This site has a number of pictures of this theater over the years: View link

NThomson on September 25, 2010 at 4:13 pm

I began my working life as a projectionist here back in 1974,
before been transferred to the odeon in pilgrim street….
I dont think we will ever see a giant screen like it again... During a 70mm screening, there was nothing to compare it.... Picture and Sound quality were outstanding.... Screen size:- 75 x 31`.
I will remember the Queens with great affection….

RafBoyMacham on July 19, 2011 at 9:16 am

I would just like to second the comments made by N Thomson. As a youngster I saw all the original 3 strip cinerama films and I was so impressed that I made a point of travelling over from Sunderland every time a new widescreen film came out. 2001 a space oddesy was fantastic albeit in 70 mm. I think the sound quality in this theatre was second to none and blows the socks off the latest compressed gimmicky sound you get these days in the “cubicles”. Cinerama still lives if you can make a trip to Bradford media museum. They are shown on the first saturday of each month. Fill your nostalgia boots folks. Queens Theatre, forever in my heart!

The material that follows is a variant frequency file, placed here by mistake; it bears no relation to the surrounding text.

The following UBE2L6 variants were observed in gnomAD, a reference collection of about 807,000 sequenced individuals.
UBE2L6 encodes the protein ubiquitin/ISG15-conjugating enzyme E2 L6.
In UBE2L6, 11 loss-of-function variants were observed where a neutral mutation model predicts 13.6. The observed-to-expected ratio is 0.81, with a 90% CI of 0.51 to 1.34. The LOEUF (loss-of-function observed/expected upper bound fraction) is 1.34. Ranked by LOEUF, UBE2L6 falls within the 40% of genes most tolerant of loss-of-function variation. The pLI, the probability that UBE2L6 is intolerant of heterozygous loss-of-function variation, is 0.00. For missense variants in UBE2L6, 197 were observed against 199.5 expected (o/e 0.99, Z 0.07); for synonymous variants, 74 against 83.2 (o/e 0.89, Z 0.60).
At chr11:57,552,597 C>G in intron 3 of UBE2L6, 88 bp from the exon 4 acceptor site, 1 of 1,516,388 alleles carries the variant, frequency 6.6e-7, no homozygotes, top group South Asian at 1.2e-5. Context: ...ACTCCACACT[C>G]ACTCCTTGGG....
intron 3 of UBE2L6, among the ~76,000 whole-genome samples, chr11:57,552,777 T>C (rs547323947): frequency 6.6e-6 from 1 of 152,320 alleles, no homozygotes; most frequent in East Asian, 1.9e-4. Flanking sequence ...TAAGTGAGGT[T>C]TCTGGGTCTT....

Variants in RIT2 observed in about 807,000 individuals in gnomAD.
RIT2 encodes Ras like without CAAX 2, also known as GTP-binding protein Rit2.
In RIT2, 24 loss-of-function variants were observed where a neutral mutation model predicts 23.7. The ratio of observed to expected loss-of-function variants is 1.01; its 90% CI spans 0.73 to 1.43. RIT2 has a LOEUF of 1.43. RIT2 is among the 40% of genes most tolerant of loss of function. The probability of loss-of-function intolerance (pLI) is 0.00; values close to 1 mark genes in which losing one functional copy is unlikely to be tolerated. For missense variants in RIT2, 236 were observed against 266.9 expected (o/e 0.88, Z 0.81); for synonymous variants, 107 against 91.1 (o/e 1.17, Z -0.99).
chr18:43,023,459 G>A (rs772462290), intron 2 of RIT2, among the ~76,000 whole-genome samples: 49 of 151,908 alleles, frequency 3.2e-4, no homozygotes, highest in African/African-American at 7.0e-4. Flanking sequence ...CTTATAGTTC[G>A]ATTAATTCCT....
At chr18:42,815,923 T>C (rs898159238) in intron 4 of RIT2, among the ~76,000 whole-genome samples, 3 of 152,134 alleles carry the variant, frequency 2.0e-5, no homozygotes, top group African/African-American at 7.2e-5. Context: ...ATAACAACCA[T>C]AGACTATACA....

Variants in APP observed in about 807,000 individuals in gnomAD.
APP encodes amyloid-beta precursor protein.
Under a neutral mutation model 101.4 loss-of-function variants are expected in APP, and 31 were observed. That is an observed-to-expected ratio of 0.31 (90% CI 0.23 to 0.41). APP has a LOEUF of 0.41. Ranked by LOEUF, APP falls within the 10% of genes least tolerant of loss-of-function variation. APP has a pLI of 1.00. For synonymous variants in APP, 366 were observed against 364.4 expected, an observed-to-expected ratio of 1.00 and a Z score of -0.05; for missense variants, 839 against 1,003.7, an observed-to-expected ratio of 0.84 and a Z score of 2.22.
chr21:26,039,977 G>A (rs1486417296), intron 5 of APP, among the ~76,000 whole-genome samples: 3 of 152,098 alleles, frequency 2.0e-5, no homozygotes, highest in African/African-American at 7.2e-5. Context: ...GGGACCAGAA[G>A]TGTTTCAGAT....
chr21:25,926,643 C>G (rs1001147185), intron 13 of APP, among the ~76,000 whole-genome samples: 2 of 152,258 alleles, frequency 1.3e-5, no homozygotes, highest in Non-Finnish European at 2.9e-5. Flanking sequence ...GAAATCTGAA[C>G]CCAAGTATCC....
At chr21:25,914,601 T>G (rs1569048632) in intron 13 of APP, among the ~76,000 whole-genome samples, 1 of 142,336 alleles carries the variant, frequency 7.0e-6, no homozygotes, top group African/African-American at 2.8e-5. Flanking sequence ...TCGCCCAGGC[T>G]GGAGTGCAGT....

NThomson on July 29, 2011 at 2:01 pm

Hope you all enjoy the two photos which I`ve uploaded from my personal collection of the Queens Cinema…

bentonelvis on January 25, 2013 at 11:39 am

Must agree about the sound quality.
I remember ducking when the sound of shellfire came from behind me while watching ‘Ryan’s Daughter’ in 1970.

melvynhaynes on November 15, 2013 at 12:28 am

I first saw “Lord Jim” and “Fall of the Roman Empire” at The Queen’s and was spellbound by the experience. I became a cinema projectionist, but not in such a grand cinema. The present generation has no idea what has been lost and what they are missing.I would love to see the Cresta Run sequence from “Cinerama Holiday” again. If only it could be at “The Queen’s” in Newcastle!

nic1946 on August 6, 2014 at 4:33 am

My first visit to this wonderful cinema was a school trip to see a film about the Bolshoi Ballet which would have been 1955 ish. I then saw many shows in the years after in all it’s formats. Presentation always impressed me in those days, not any more! The multiplex way seems to be just slap it on the screen!